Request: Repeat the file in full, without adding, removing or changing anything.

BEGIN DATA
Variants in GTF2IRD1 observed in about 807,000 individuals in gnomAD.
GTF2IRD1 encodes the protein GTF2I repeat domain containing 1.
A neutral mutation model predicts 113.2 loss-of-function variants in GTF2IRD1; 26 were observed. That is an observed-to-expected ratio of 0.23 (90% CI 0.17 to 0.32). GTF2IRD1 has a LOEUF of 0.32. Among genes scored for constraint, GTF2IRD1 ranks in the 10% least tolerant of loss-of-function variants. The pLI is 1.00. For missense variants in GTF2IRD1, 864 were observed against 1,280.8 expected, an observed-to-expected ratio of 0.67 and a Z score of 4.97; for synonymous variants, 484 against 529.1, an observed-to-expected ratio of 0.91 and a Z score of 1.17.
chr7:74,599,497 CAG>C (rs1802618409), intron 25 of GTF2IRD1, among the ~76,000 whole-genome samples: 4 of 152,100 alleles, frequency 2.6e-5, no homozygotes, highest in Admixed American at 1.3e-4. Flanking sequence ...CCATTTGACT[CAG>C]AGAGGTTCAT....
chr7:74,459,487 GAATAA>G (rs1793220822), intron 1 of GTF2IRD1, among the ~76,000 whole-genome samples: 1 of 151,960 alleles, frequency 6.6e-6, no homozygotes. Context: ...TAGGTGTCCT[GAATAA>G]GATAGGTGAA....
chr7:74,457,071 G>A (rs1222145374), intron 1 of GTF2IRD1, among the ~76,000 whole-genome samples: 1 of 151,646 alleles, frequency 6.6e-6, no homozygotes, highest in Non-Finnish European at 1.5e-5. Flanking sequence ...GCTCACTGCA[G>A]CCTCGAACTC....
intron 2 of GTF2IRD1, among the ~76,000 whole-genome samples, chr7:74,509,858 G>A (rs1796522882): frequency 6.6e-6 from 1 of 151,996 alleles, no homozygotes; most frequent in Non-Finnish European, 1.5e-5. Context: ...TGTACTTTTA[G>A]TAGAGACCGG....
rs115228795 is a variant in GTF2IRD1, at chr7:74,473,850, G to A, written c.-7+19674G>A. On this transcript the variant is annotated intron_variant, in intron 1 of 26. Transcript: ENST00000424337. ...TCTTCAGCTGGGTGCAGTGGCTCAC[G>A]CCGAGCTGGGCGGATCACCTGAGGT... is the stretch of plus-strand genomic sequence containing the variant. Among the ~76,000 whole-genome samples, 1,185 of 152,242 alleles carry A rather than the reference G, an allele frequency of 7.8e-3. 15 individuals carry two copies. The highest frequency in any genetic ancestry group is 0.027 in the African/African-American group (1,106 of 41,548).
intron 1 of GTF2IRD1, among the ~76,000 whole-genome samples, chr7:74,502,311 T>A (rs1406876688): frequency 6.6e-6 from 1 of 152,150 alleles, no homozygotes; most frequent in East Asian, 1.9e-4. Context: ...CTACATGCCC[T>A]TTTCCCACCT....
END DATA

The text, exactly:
Variants in GTF2IRD1 observed in about 807,000 individuals in gnomAD.
GTF2IRD1 encodes the protein GTF2I repeat domain containing 1.
A neutral mutation model predicts 113.2 loss-of-function variants in GTF2IRD1; 26 were observed. That is an observed-to-expected ratio of 0.23 (90% CI 0.17 to 0.32). GTF2IRD1 has a LOEUF of 0.32. Among genes scored for constraint, GTF2IRD1 ranks in the 10% least tolerant of loss-of-function variants. The pLI is 1.00. For missense variants in GTF2IRD1, 864 were observed against 1,280.8 expected, an observed-to-expected ratio of 0.67 and a Z score of 4.97; for synonymous variants, 484 against 529.1, an observed-to-expected ratio of 0.91 and a Z score of 1.17.
chr7:74,599,497 CAG>C (rs1802618409), intron 25 of GTF2IRD1, among the ~76,000 whole-genome samples: 4 of 152,100 alleles, frequency 2.6e-5, no homozygotes, highest in Admixed American at 1.3e-4. Flanking sequence ...CCATTTGACT[CAG>C]AGAGGTTCAT....
chr7:74,459,487 GAATAA>G (rs1793220822), intron 1 of GTF2IRD1, among the ~76,000 whole-genome samples: 1 of 151,960 alleles, frequency 6.6e-6, no homozygotes. Context: ...TAGGTGTCCT[GAATAA>G]GATAGGTGAA....
chr7:74,457,071 G>A (rs1222145374), intron 1 of GTF2IRD1, among the ~76,000 whole-genome samples: 1 of 151,646 alleles, frequency 6.6e-6, no homozygotes, highest in Non-Finnish European at 1.5e-5. Flanking sequence ...GCTCACTGCA[G>A]CCTCGAACTC....
intron 2 of GTF2IRD1, among the ~76,000 whole-genome samples, chr7:74,509,858 G>A (rs1796522882): frequency 6.6e-6 from 1 of 151,996 alleles, no homozygotes; most frequent in Non-Finnish European, 1.5e-5. Context: ...TGTACTTTTA[G>A]TAGAGACCGG....
rs115228795 is a variant in GTF2IRD1, at chr7:74,473,850, G to A, written c.-7+19674G>A. On this transcript the variant is annotated intron_variant, in intron 1 of 26. Transcript: ENST00000424337. ...TCTTCAGCTGGGTGCAGTGGCTCAC[G>A]CCGAGCTGGGCGGATCACCTGAGGT... is the stretch of plus-strand genomic sequence containing the variant. Among the ~76,000 whole-genome samples, 1,185 of 152,242 alleles carry A rather than the reference G, an allele frequency of 7.8e-3. 15 individuals carry two copies. The highest frequency in any genetic ancestry group is 0.027 in the African/African-American group (1,106 of 41,548).
intron 1 of GTF2IRD1, among the ~76,000 whole-genome samples, chr7:74,502,311 T>A (rs1406876688): frequency 6.6e-6 from 1 of 152,150 alleles, no homozygotes; most frequent in East Asian, 1.9e-4. Context: ...CTACATGCCC[T>A]TTTCCCACCT....